Thursday, October 13, 2011

Heard on the Interwebs

Comments to this article on the New York Times

I'm about to scream the next time some middle-aged humanities major talks about Facebook as if it's the greatest thing in mankind and can be used to feed and shelter 7 billion people on this planet. Facebook is nothing more than a picture album and an interactive alumni newsletter that relies on advertising revenue. Nothing else has changed. Facebook cannot create jobs when there is no demand, it doesn't bring our manufacturing jobs back from China. Facebook is frankly part of the problem, because it facilitates this myth that our country of 300 million can subsist in the virtual world of gossip, vanity and braindead correspondence.

This column is one of the most depressing views of the future I've seen. It is depressing because of the lack of understanding of basic human needs that underlies its assumptions - that the world is open for everyone to become a freelancer, an entrepreneur, a business start up, that we can move at will or would want to in order to be "employed." But the truth is that the vast majority of people are not cut out for that kind of competitive world and there is no training or education that will prepare them for it. That is because what people - human beings - really want is home, security, family, and community. The vision laid out here is the antithesis of what builds human communities. It's not that people don't want to be part of the world, travel, grow, or expand, that is not it. It is rather that the vision laid out here will actually produce the opposite effect than described here. How do I know this? Because we already have more than enough evidence from globalization and "outsourcing" to know this is true. The destruction of community and cultures is going ahead at a frightening pace. Corporations now have far more power than any one government. The small reed of hope we have is to actually push back against the hyper connectedness described and instead push for interconnectedness beginning with our communities and building upon that. The future described is not an advance, but rather a great lost of community, diversity, and spirit.

So, basically, what you are saying is that unless we are in the top .01%, we are completely TOAST? If the "average" person has no chance of survival in post-industrial America, we will either need to build a massive social safety or learn to embrace that the new dark ages are upon us, as 99.9% of the population starves, while the wealth build ever-larger gated estates....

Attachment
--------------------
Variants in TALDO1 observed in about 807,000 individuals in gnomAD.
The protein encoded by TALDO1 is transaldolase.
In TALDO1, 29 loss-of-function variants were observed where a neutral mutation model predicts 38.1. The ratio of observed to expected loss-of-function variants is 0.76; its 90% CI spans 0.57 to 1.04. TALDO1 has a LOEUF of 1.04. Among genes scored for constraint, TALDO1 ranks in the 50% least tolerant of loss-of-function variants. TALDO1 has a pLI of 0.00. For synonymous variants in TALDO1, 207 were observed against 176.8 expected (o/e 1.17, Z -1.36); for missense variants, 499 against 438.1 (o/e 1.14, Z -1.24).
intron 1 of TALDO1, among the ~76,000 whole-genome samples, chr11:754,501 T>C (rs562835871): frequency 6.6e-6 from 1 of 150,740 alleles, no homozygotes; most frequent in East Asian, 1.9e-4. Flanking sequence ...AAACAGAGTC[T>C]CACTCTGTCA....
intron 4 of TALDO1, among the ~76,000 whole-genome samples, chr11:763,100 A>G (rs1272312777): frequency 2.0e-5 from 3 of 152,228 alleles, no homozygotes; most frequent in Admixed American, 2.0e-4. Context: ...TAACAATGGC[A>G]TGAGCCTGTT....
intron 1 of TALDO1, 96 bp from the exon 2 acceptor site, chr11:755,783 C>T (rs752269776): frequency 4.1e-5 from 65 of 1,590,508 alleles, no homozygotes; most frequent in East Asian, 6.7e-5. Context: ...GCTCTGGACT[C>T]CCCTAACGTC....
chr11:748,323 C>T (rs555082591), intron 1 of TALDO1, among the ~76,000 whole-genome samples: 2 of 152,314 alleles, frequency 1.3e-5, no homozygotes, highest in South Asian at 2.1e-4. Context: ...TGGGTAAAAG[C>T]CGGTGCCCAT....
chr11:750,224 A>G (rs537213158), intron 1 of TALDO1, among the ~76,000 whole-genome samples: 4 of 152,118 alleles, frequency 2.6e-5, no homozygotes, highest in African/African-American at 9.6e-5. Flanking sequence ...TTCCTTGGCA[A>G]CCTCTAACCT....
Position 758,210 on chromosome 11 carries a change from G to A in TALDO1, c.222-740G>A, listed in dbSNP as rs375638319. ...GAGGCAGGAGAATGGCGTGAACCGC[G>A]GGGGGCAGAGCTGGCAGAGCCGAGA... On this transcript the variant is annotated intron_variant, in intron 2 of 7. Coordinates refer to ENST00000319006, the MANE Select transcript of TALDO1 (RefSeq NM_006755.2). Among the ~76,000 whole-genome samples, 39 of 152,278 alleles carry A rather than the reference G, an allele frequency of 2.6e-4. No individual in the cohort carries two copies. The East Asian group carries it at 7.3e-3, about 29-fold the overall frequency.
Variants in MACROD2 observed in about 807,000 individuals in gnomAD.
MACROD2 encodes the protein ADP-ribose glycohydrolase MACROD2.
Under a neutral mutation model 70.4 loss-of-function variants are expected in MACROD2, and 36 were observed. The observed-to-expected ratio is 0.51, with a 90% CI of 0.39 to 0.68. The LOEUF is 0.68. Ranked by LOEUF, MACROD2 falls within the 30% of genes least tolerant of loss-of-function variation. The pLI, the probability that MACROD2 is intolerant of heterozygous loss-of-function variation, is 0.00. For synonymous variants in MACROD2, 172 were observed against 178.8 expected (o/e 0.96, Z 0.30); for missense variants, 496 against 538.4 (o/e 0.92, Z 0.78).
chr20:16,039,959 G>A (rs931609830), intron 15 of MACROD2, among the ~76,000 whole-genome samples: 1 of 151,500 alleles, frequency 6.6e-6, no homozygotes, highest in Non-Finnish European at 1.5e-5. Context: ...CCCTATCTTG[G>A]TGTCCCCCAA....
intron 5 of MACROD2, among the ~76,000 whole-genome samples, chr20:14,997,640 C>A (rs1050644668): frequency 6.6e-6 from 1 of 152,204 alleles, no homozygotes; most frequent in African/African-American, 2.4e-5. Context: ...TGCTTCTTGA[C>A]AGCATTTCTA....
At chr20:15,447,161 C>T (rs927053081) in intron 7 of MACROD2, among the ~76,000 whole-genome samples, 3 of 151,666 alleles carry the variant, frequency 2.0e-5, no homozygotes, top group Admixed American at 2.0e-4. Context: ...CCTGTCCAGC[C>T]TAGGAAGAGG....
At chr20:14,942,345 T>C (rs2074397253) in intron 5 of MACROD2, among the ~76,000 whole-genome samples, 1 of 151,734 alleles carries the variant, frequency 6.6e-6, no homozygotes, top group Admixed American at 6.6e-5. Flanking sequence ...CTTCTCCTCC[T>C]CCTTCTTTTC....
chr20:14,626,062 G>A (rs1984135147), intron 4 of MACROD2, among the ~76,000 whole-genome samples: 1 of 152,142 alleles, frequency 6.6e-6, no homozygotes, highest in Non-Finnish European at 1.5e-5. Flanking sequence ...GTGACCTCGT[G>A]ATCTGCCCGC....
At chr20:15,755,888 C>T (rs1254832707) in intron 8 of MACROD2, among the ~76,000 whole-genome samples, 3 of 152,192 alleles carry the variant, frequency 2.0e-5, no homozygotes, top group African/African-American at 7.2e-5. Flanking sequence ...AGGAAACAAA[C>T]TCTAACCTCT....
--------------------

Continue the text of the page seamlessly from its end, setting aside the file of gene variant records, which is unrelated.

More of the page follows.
I know this is your dream world, Mr. Friedman--everyone an entrepeneur, everyone working 16 hours a day, 7 days a week, madly competing with everyone else in the world to be the best, continually coming up with new innovations, frenetically producing, producing, producing. But while I don't deny that this describes the reality of some people, the truth is that your picture has nothing to do with my life or the life of anyone I know. And I deeply hope that I never live to see the day when it does.

It's funny how, when talking money for the monied, the earth is flat and it's a new day and things like fair trade policies and protective tariffs are so ‘yesterday,’ but when talking fair and equitable tax rates, livable wages, and regulated capitalism, why, 19th century policies are just fine.

What you describe is a "Road Warrior" world absent the nuclear holocaust - which comes instead in a financial version. This does not demand a change in perception or preparation. It instead demands a change in the way the world is manipulated by the concentrated rich to squeeze ever more out of the world's expanding poor. It demands a revolution.

In his essay "Why I Became a Socialist" Jack London wrote that when he was young and strong, he had no doubt that he could provide for himself. He needed no help from anyone, and could compete in any market.

Then he saw the miserable state in which many lived. Some had been just as strong and able as he, but had grown old, or been injured, and could no longer compete. This, he saw, was the inevitable eventual fate of all who did not amass so much more capital than those around them that they could support themselves even when they could not compete. In the end, London decided that we either have to share the burden and take care of one another, or we all eventually get ground up in the machine.

Sometimes I think that the definition of a conservative is a person so certain that, in a completely free market, he will flourish, that he sneers at the idea of a "social safety net" and truly believes that "losers" deserve to lose. A liberal is someone who does not have this conceit. He wants the safety net because he can actually imagine himself in need of it one day.

Hypercompetative societies provide great opportunity and success for the few, and failure and misery for the many. And justice for none.

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